It was the middle of August and the time had finally come for me to embark with my good friend Dane on a backpacking trip I had been planning for months. Dane had been doing a lot of peak bagging over the summer and we decided that ticking off Ostler Peak needed to happen.
I’ve spent year after year hiking around the Uinta Mountains Wilderness, but Amethyst Basin is a section of the Uintas that I had never been to before. Everything I had been told was that it was a magical place that was an absolute must! So finally the day arrived and Dane and I set off on a Friday afternoon to spend two nights at Ostler Lake.
The Christmas Meadows trailhead was packed full of cars as we arrived. There was a large scout group that was waiting by a couple trucks as leaders prepared a large pile of GORP for the group. They had rifles and all sorts of unnecessary things on their packs. A sight you’d almost expect to see from a group of scouts in the Uintas. We casually greeted them as we walked past to sign in to the trail register. By 5pm we were off and making good time down the trail. Within a short amount of time we covered just over 2 miles and ran into a group of guys that were resting on the trail. We made small talk for about 20 minutes after one of the guys asked me how I was carrying such a light load. I told him that I was focusing heavily on ultralight backpacking and it led to some fun discussion about saving weight on gear and not carrying too much stuff. One of the guys mentioned he was carrying 60 pounds. My load came in at 19 pounds. Not sure what he had in there, but 60 pounds is a lot! We shook hands and continued down the trail.
Once you reach the junction for Amethyst Basin, you take the left fork and immediately the trail begins to gain elevation. Over the next mile you gain several hundred feet, and for the lack of food in my stomach at this point, my energy level was dying off. Dane surprised me with his tenacity and hiking ability. It had been years since he and I had hiked together. He definitely kept me moving.
By the time we had got to the large meadow before Amethyst Lake, the sun had already fallen behind the ridge to the west. Dane looked out over the meadow and saw a large group of people standing at the edge of the creek. Two moose had moved into the meadow to feed for a bit and to put on a show, even though they surely weren’t there to entertain. We watched the moose for a few minutes, but knew that we needed to make our way up the hill to Ostler Lake.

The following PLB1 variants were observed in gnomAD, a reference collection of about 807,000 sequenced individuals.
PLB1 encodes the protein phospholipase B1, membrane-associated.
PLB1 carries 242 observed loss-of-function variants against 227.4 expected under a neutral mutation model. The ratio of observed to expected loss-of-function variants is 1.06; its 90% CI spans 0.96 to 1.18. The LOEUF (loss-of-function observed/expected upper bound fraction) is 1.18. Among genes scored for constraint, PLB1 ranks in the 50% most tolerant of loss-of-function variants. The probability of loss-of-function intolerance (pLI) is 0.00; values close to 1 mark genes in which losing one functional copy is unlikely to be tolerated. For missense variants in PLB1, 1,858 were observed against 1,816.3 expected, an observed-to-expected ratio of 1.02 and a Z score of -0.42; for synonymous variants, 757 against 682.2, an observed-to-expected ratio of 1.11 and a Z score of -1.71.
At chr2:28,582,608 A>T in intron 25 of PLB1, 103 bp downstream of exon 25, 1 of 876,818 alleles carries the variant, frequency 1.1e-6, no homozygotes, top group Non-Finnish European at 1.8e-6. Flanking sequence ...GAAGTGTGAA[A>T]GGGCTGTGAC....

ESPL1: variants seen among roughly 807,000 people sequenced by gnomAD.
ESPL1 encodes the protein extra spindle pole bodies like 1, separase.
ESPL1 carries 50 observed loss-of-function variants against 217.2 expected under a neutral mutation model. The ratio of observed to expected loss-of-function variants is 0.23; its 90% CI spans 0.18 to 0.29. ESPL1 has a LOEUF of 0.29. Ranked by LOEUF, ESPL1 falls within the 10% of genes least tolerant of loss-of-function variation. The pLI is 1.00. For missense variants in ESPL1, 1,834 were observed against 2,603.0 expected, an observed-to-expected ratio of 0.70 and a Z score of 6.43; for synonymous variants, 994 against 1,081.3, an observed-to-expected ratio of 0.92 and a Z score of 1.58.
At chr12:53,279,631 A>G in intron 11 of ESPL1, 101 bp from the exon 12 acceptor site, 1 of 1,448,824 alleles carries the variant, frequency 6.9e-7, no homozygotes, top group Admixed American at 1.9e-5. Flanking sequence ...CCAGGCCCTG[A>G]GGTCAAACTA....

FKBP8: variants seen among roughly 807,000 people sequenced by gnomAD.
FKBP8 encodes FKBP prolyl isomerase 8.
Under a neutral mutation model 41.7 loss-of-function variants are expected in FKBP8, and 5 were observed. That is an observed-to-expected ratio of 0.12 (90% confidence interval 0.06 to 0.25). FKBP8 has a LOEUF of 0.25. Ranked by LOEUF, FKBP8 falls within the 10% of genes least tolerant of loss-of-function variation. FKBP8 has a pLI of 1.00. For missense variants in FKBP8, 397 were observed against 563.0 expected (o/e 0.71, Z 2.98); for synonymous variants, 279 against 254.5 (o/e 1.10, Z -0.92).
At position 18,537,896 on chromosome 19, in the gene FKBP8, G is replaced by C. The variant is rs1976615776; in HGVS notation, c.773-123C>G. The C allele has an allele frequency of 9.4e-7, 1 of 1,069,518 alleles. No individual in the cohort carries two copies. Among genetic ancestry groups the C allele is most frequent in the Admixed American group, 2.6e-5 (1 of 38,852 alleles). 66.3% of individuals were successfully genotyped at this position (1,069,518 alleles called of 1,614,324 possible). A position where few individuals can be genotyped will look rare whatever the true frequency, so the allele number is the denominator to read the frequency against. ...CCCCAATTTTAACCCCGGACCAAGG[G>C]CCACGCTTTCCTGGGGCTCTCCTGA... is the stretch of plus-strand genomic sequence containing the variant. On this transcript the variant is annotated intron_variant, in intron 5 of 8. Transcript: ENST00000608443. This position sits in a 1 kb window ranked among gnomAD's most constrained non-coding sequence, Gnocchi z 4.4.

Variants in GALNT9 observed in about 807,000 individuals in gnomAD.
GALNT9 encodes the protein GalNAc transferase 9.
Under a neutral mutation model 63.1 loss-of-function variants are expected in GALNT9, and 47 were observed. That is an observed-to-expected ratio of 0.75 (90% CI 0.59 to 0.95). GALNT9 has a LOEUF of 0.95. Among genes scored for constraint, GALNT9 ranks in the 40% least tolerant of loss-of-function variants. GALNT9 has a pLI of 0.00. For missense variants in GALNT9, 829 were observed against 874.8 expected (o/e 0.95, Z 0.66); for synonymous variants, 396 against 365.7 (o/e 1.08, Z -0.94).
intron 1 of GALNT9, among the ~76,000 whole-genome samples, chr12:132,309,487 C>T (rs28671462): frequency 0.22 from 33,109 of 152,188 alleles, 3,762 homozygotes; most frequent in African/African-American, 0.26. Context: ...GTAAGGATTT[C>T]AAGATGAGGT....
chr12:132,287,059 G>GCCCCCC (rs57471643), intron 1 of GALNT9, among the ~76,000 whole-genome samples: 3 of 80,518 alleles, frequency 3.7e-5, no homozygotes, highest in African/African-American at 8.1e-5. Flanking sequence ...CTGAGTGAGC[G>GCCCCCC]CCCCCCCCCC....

The Push To The Peak
Dane and I woke up Saturday morning with the purpose of summiting Ostler Peak. Turns out it was a perfect weather day to get high on mountain. Ostler Peak sits at 12,718′ and gives amazing views of the Uinta Mountain Range.
Our approach to the peak was to gain a “small ridge” to the north and then follow the ridge up to a large scree slope. The approach to the ridge wasn’t too bad, it was steep, but nothing compared to the steepness of the scree slope to approach the saddle of the peak.
Once on the saddle of the peak, there are a few false summits that deceive you into thinking that you are closer than you really are. Turns out after you crest the slope and reach the saddle you’ve got another 1/4 mile of hiking to do before the summit. Thankfully the hiking at this point was fairly simple. Within a few minutes Dane and I were on the summit of Ostler Peak and enjoyed almost a full hour of just hanging out and eating food as we were the only people on the summit. We snapped a few photos, and then started making our way down.
Coming down off the peak took all we had to get down. With how steep the route was it took a toll on our knees. We took my dog Cooper with us as well, and the poor guy had ripped open some pads causing him to start limping and he could barely walk. Overall, Ostler was an incredible peak to hike and one I would do again. The views were amazing, the company even better.
Backpacking is an incredible thing that allows you to forget about the complexity of everything happening in our lives, and gives us clarity and freedom. That is what I love about being in the backcountry.